A general observation about Taiwan and the left— I will get to Taiwan in a roundabout way. People in general can’t do nuance or at least Americans can’t. I see this most strongly with Syria, where the left split into two pieces. One side goes along with the mainstream and talks as though Assad is 100 percent responsible for all the deaths and specifically says he killed half a million people when a great many of those dead were actually people fighting for Assad. I actually don’t know where you get trustworthy figures for civilian dead but in the early years the numbers I saw were split into three roughly equal pieces— civilians, pro Assad fighters both military and militia, and anti- Assad fighters. It was clearly a war and not just a one sided massacre with Assad’s forces massacring civilians and badly outgunned heroic moderate rebels. You don’t get such high losses among the military if that was the whole story. There were plenty of atrocities by Assad’s side but there were also people fighting for him because they feared genocide if the rebels won. And the US and the Saudis and others supported the rebels while the mainstream pundits talked as though we weren’t intervening.

    But on the other side some lefties who were rightly outraged by our very real intervention talked as though Syria was a democracy and tended to say little or nothing about Assad’s brutality. And I think this is what is going on with Taiwan and China. Anti- interventionists are worried ( rightly so) that when you start talking about the evil behavior of the Official Enemy ( Chomsky’s phrase) you give support for interventionist policies whether you want to or not.

    My own stance is that we should try to be honest about the real crimes of Official Enemies but be very very clear about our own crimes and about the evils of America’s intervention whether by invasion, bombing, proxy wars, or murderous sanctions. We have a gift for taking bad situations and making them worse, sometimes much worse. But it is difficult to be nuanced. I don’t know if this is just America, but political discussions are rarely nuanced.

    Reply
    1. Soredemos

      To be honest, I think the supposed ‘lack of nuance’ vis a vis Syria and Assad is mostly a strawman, in the same way that anyone opposed to the 2003 invasion of Iraq was a ‘Saddam lover’. I have zero love for Assad. But explain to me how turning the country into rubble has improved the lives of Syrians.

      There are a few people around in regards to Syria that I would say are effectively Assad defenders, like Vanessa Beeley (who I’m pretty confident is on the Syrian payroll in some fashion) or Max Blumenthal (who is basically a useful idiot, and not just of Syria).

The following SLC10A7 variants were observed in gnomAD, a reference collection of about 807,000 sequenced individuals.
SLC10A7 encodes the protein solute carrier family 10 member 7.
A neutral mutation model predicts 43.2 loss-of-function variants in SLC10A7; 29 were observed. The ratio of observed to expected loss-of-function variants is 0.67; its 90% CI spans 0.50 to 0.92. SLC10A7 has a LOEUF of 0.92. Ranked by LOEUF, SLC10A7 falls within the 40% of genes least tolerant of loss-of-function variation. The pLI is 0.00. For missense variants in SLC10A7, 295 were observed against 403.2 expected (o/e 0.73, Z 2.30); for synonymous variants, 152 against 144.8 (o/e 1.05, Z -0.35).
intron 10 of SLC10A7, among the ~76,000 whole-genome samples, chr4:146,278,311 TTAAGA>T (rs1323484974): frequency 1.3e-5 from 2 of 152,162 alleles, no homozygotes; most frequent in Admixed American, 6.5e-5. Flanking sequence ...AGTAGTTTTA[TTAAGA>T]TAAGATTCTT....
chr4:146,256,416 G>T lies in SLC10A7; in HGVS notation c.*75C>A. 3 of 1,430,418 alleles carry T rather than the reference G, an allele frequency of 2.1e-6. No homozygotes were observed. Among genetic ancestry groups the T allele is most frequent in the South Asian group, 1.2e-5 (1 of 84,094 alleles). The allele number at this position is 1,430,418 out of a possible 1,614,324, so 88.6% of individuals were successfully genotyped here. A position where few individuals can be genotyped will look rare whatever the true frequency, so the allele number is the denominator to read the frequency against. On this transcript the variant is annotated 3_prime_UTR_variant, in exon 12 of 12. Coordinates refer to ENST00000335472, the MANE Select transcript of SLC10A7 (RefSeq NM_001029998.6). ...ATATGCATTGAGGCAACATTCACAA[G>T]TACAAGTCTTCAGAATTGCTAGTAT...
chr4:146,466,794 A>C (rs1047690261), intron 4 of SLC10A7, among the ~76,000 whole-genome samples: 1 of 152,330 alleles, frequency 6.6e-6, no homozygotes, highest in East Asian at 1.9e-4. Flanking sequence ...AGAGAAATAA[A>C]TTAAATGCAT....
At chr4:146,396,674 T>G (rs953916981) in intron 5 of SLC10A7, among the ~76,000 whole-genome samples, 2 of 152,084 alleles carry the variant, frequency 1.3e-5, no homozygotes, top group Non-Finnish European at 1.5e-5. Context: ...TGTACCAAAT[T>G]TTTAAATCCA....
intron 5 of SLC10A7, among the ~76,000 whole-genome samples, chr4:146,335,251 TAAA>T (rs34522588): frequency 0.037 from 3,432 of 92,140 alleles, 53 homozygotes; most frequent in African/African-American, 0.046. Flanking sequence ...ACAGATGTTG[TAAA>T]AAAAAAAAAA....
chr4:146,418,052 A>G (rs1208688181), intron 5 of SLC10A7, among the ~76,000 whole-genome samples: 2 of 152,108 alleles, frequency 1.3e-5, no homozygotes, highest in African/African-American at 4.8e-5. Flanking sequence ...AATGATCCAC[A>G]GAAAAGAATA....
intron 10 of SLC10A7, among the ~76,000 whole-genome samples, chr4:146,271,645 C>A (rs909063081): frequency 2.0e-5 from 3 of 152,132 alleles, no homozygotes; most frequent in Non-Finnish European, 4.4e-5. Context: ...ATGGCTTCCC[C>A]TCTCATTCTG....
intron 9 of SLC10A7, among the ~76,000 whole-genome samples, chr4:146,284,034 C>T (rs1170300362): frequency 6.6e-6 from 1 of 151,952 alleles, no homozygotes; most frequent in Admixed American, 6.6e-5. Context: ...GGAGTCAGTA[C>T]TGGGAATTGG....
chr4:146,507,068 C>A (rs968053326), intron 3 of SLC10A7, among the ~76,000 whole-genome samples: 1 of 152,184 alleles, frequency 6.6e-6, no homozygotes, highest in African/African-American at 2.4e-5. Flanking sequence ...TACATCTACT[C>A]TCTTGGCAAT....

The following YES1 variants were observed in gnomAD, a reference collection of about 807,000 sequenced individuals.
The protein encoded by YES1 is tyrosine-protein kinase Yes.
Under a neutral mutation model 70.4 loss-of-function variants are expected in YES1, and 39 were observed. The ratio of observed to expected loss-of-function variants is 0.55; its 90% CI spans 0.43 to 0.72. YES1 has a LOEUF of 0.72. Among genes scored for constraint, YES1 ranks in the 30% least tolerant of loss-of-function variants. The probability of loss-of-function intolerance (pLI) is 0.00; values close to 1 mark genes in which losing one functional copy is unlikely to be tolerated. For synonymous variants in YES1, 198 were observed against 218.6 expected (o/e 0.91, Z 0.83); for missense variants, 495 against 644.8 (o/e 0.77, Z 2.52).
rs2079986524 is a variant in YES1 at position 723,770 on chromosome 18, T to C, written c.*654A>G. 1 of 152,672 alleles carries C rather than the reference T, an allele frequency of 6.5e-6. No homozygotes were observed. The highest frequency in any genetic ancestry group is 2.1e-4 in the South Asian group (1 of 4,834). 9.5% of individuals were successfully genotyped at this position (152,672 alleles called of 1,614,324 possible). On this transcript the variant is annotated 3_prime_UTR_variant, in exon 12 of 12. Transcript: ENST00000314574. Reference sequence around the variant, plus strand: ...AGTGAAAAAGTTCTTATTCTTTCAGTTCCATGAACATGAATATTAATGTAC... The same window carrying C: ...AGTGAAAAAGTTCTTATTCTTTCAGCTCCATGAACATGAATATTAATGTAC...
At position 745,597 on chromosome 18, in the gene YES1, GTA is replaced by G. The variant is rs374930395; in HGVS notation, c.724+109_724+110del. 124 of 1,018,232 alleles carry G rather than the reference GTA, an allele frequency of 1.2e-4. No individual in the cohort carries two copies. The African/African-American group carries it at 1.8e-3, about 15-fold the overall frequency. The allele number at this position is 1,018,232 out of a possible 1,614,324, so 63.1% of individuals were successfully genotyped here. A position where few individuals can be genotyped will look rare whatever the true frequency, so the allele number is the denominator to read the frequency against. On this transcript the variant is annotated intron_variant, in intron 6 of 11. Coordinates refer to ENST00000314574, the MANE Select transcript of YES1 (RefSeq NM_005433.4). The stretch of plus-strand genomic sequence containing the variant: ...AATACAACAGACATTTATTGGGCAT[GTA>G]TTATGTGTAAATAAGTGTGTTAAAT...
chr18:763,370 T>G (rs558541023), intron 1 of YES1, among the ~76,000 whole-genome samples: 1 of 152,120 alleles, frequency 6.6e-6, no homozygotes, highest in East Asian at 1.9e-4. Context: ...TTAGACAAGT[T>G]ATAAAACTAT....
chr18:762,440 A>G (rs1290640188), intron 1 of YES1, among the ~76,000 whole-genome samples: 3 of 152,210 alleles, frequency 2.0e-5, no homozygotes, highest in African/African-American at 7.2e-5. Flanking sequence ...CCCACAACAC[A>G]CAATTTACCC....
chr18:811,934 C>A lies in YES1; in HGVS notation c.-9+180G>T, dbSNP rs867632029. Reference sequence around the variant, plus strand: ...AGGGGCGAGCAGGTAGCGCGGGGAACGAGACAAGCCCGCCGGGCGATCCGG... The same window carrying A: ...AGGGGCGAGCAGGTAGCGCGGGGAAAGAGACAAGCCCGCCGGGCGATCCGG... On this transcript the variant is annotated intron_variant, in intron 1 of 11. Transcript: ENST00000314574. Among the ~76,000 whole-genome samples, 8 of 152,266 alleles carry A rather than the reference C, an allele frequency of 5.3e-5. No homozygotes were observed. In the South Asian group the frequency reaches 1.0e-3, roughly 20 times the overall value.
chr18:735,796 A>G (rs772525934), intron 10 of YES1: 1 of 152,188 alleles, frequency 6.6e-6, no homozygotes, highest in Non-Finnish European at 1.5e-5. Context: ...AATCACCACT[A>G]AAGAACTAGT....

Reply
  9. Susan the other

    I loved it when Wilkerson said that the MIC’s annual budget (this one at 768bn$) is “pure pollution.” Indeed.

    Reply
  10. CostcoPizza

    Taiwan’s prompt, transparent, and competent handling of Covid is reason alone to let them have independence.

    Oh and their night markets too.

    Reply
  11. Sea Sched

    I’ve never understood why there was always so much widespread support for Tibet but not for Taiwan…is it because Taiwan didn’t have Richard Gere, wandering its beaches in monk robes? A lot of tourism too is focused on the rest of Asia but rarely do I hear people visiting Taiwan for fun the way they visit Thailand, Vietnam, or even China…
    Taiwan has a completely different government, language, and currency from China so how is it people still get confused and think it is part of China? It’s been intriguing to see the Lithuanian support for Taiwan and I was curious as to why and then I came across something on Lithuania and state controlled media/communism and realized Lithuania absolutely understands Taiwan’s position with China due to their relationship with Russia…
    Taiwan has also changed dramatically since the 80’s…it has universal healthcare, green initiatives, high speed rail, an extensive subway system and arguably is even more of a democracy than the U.S…people who have not been to Taiwan since the 80’s have a very outdated incorrect impression of what it is like there…
    There are a lot of people who claim to be Taiwanese but immigrated to Taiwan from China during the Cultural Revolution, don’t speak Taiwanese at home and therefore think Taiwan is part of China. Taiwanese people make a distinction between the groups of people who moved to Taiwan during that time period- they are not considered truly Taiwanese…the large group of people who moved to Taiwan from the Hakka region 200 or so years ago also are not considered truly Taiwanese either as they also speak their own dialect…and of course sadly, aborigines are also not considered Taiwanese and have their separate culture and dying languages. If you ask someone who only speaks Mandarin, whose parents only speak Mandarin, there is much higher chance they will think Taiwan is a part of China as they most likely started living in Taiwan after the Cultural Revolution. It would be incredibly rare for anyone who speaks Taiwanese (and possibly Japanese thanks to the Japanese occupation) to think Taiwan is a part of China. None of this nuance of course gets reflected in the media.